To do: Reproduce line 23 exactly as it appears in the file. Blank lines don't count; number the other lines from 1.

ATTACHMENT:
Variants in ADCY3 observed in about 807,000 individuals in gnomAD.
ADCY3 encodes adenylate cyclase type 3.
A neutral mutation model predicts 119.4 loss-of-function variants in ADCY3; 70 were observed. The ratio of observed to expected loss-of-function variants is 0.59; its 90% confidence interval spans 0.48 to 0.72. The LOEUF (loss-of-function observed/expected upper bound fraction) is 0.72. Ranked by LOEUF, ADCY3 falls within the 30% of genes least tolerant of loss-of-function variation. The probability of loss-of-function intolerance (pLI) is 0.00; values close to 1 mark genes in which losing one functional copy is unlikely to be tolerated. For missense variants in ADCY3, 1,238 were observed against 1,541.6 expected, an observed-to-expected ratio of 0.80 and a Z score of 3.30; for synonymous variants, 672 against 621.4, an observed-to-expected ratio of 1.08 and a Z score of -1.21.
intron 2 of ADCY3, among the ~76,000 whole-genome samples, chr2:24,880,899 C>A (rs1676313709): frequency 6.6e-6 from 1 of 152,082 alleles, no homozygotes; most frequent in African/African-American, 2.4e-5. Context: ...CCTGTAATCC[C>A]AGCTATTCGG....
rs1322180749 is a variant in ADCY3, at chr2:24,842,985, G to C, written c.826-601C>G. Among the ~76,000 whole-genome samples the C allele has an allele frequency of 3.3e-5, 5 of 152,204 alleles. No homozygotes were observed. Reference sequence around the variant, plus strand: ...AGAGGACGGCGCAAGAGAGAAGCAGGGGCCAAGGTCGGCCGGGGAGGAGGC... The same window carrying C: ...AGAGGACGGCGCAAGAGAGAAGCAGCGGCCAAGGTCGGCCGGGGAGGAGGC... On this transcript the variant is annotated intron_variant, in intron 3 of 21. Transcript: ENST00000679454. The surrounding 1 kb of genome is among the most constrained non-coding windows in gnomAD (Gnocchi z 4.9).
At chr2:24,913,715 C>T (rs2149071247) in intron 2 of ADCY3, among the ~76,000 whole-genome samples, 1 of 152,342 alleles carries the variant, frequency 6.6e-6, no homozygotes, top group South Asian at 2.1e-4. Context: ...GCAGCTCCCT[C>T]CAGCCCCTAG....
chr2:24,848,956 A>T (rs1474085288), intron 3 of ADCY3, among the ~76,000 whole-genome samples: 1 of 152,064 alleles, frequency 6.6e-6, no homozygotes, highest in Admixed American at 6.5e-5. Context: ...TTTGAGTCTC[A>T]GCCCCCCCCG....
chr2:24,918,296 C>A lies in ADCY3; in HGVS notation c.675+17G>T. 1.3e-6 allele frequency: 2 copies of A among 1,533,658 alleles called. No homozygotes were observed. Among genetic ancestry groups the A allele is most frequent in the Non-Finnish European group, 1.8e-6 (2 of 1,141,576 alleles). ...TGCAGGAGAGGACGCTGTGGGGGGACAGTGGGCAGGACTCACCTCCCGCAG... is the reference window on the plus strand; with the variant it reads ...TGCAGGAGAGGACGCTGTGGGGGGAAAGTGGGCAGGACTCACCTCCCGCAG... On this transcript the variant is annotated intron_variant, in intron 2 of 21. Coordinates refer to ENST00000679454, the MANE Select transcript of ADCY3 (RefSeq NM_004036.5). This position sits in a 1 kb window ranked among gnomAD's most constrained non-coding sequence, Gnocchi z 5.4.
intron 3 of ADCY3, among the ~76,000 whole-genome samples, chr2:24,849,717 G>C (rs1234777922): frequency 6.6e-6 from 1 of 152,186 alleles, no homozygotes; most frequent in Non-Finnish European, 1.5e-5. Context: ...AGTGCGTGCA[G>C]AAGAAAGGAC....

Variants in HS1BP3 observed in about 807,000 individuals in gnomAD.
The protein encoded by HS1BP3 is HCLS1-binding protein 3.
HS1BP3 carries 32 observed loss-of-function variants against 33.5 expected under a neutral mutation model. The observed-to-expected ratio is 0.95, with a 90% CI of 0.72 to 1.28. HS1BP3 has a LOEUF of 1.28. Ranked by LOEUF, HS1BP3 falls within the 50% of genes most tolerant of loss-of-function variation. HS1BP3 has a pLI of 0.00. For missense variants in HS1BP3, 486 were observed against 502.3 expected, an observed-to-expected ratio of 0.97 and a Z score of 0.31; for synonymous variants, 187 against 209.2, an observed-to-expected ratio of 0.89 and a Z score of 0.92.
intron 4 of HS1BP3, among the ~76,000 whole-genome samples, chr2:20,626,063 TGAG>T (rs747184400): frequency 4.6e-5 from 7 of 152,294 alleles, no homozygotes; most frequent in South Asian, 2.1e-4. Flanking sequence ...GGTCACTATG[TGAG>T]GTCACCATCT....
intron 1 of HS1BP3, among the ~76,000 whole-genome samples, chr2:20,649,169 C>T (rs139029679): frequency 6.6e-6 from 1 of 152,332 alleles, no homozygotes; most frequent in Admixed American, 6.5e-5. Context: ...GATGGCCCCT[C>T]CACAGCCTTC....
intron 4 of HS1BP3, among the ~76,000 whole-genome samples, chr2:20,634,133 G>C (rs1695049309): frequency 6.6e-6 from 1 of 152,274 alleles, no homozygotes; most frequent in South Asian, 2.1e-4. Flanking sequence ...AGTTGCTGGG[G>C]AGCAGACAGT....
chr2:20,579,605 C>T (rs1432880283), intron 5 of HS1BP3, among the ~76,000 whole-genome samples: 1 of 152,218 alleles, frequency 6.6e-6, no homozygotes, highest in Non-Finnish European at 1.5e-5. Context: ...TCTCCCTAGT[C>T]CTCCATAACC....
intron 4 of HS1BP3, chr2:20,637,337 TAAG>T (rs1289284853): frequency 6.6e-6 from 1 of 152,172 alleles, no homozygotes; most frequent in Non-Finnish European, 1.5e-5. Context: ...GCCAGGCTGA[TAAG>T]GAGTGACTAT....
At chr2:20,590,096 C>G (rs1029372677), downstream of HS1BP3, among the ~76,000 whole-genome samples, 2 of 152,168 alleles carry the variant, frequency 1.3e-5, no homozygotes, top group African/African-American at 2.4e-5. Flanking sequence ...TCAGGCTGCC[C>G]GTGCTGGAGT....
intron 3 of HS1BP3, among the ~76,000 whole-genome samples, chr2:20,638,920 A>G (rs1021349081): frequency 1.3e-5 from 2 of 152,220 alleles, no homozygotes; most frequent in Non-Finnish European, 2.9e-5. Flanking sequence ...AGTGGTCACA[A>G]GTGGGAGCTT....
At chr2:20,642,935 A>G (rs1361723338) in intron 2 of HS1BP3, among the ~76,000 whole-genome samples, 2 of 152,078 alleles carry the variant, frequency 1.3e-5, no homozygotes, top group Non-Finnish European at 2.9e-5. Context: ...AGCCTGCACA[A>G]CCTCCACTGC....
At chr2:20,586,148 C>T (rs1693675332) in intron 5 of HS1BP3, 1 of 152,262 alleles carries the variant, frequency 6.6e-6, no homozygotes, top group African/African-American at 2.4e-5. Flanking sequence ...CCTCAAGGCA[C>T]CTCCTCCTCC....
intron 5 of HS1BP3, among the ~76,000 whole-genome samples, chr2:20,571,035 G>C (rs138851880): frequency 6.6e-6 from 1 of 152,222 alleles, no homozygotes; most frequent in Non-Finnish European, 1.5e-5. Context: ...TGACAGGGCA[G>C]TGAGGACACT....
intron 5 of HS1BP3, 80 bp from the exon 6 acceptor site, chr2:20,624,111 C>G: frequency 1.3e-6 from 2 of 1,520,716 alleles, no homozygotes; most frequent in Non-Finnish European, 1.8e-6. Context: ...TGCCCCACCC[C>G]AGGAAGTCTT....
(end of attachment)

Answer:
intron 5 of HS1BP3, 80 bp from the exon 6 acceptor site, chr2:20,624,111 C>G: frequency 1.3e-6 from 2 of 1,520,716 alleles, no homozygotes; most frequent in Non-Finnish European, 1.8e-6. Context: ...TGCCCCACCC[C>G]AGGAAGTCTT....